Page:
Literary Orphans

The Dark Mysteries Surrounding My Death by Thomas O’Connell

Magdalena Roeseler-Unicorn

When the time comes for me to die, if falling gently, eternally asleep with a good book draped absently across my chest is not an option, I hope to be murdered by the Illuminati. My death may very well appear to be a natural occurrence – or an unfortunate accident – but look deeper, I beg of you.

I am counting on my friend Bill, who has some experience making corporate videos of conferences and such, to put something together and post it to YouTube. I can’t imagine how my demise could possibly propel the illuminati’s agenda, but I am sure that if someone looks into my killing, clues will make themselves known. The Illuminati seem to love to sprinkle symbolic guideposts, which should bring some clarity and meaning. Some of the clues may turn out to be red herrings, but somebody is sure to locate a dollar bill inscribed with my initials.

There may be clues in the school photograph of my first grade class, the three rows of children lined up against the blackboard with Miss Kilgallen, and her flaming red hair, towering over us. If you look closely at the photograph, though, you may notice that next to the limp American flag is a poster of an owl in flight.

There is another Photograph, taken when I was thirteen on my eighth grade field trip to Washington DC. A group of us boys, bored while waiting to get inside the Washington Monument formed a human pyramid, with diminutive Lucas Sullivan beaming at the top. One of the chaperones snapped the picture before the structure collapsed, with all of us landing in a jumble on the ground, where I got a shiner that darkened my left eye for a few weeks.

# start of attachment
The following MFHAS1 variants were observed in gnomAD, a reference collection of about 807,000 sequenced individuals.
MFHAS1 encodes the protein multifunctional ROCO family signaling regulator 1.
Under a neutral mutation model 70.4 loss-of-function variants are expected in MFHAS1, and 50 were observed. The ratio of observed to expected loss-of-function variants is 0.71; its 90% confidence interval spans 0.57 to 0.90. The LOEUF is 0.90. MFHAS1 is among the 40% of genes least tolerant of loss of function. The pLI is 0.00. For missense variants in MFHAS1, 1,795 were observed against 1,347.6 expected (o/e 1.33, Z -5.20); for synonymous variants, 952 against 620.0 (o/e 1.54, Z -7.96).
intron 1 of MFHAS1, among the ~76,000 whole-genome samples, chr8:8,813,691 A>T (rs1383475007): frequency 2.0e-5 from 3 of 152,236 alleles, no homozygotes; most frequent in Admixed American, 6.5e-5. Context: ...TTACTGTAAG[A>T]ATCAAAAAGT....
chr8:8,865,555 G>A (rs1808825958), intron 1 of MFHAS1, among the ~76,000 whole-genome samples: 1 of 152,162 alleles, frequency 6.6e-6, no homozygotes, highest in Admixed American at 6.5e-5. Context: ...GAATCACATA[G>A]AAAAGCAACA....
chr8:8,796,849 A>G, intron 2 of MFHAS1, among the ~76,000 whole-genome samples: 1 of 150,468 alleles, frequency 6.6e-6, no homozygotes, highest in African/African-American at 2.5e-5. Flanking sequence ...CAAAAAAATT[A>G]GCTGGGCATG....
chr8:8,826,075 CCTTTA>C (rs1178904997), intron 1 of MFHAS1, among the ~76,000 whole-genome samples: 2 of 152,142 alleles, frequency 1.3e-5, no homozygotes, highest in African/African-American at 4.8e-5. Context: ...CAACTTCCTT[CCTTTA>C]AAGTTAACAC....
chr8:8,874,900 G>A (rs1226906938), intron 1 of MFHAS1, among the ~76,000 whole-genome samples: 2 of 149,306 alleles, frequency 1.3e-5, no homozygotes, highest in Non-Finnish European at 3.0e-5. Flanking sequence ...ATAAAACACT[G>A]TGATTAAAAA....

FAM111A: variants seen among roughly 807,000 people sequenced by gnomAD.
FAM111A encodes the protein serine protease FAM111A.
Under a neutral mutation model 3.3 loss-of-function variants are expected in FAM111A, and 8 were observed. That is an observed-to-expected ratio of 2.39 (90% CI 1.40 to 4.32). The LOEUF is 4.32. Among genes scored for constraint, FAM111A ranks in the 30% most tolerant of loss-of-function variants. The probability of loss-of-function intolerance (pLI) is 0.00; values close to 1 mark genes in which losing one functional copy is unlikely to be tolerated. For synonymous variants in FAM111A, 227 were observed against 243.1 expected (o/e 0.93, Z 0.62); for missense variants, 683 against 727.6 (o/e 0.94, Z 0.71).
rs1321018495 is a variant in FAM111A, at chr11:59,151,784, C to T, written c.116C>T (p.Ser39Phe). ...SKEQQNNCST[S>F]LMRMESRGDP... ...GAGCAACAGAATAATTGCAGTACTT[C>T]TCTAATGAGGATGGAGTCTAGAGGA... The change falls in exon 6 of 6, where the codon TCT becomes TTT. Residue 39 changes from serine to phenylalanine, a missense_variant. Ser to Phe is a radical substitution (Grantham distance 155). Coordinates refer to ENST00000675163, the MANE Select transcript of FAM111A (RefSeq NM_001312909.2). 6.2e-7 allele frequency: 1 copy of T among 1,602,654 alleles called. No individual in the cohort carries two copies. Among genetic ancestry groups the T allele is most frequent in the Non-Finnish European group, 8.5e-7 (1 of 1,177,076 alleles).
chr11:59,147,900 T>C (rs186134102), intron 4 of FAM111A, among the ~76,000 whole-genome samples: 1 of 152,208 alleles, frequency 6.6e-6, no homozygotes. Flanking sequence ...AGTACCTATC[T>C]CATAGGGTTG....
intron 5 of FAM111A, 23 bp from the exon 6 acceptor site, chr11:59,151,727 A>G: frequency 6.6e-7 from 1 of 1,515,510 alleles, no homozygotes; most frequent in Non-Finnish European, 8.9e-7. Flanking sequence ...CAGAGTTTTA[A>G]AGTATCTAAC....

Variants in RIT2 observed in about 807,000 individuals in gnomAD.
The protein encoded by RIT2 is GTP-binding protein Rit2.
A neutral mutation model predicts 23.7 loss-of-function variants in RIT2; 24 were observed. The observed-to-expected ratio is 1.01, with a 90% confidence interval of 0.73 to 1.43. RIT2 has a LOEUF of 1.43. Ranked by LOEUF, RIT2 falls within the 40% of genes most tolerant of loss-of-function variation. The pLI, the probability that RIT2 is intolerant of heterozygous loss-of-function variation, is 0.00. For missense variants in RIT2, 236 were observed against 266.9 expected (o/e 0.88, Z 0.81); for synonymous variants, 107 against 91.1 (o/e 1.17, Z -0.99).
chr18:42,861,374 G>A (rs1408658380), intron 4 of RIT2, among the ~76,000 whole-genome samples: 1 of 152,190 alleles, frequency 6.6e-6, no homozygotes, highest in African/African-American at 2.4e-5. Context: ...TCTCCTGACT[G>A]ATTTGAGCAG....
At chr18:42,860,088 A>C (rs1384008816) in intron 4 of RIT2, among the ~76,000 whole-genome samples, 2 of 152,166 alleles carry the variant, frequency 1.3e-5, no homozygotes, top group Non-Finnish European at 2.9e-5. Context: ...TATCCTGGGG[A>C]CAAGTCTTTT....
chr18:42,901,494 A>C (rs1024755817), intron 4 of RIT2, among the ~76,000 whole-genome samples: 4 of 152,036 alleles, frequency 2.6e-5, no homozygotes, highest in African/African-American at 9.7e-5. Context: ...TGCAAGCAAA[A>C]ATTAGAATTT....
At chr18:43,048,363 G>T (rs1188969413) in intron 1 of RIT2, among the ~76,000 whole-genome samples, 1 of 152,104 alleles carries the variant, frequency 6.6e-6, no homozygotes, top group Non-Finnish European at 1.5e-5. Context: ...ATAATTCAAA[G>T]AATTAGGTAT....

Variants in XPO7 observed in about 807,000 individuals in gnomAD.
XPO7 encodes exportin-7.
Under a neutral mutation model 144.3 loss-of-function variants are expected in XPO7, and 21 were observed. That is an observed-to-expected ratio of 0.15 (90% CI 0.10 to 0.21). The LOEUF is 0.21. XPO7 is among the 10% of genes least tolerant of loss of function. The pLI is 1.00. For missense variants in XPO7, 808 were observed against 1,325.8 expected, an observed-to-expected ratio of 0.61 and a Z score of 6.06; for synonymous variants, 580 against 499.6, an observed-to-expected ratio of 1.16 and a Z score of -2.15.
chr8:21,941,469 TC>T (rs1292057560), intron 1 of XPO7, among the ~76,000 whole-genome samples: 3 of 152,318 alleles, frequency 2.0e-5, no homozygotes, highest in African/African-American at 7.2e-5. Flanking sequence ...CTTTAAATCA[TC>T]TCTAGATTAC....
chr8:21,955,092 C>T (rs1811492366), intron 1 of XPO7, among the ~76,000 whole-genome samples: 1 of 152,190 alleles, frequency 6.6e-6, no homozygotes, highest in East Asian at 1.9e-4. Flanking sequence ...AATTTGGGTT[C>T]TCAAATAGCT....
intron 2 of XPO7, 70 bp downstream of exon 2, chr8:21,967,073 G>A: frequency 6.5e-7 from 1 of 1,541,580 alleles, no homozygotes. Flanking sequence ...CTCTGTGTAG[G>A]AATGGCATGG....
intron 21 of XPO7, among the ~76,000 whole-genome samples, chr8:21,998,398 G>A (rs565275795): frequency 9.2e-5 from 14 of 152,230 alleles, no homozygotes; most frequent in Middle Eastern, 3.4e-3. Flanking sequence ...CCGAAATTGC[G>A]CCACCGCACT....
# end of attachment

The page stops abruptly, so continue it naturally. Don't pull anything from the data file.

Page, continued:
Somebody, undoubtedly, will even examine the lyrics of the band I was in while living in New Haven during the early 1980s (not quite ancient times, but seemingly far away now). We were called Three in the Plot for some reason that escapes me now. I played guitar and sang on a few of my own songs, like one titled Triangle Eyes, Three minutes and twenty-two seconds of jangly guitars and intentionally obscure lyrics, which was kind of popular at our shows. Somewhere, there even exists some video footage, shot at the time, as an attempt to get ourselves on local access tv. I haven’t seen that clip since we filmed it, but as I remember it, it was all checkerboards and make-up, the three of us stumbling around High Street, where the drummer and I lived at the time. As I recall, we had intended to record an album, Barbarian Times, which never came about.

Once, before I was born, my mother was driving home on a November afternoon with my older sister Helen in the backseat. While approaching the bridge on Judge’s Hollow Road, she came upon a car, a Volkswagen Beetle as the story is told, in flames. Nobody was inside the car. Mother looked over the guard rail into the river below, swollen recently by heavy rains. She saw no-one but did spot an open umbrella floating downstream. The umbrella had a monarch butterfly print. My mother hopped back in her car and drove the rest of the way home. Setting my sister down in front of the television with a cup of apple juice, she called the volunteer fire department from the extension phone in the downstairs den.

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Thomas O’Connell is a librarian in the Hudson Valley in New York. His poetry and short fiction has appeared in Jellyfish Review, Elm Leaves Journal, The Los Angeles Review, and Blink-Ink, as well as other print and online journals.

O'Connell

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–Art by Magdalena Roeseler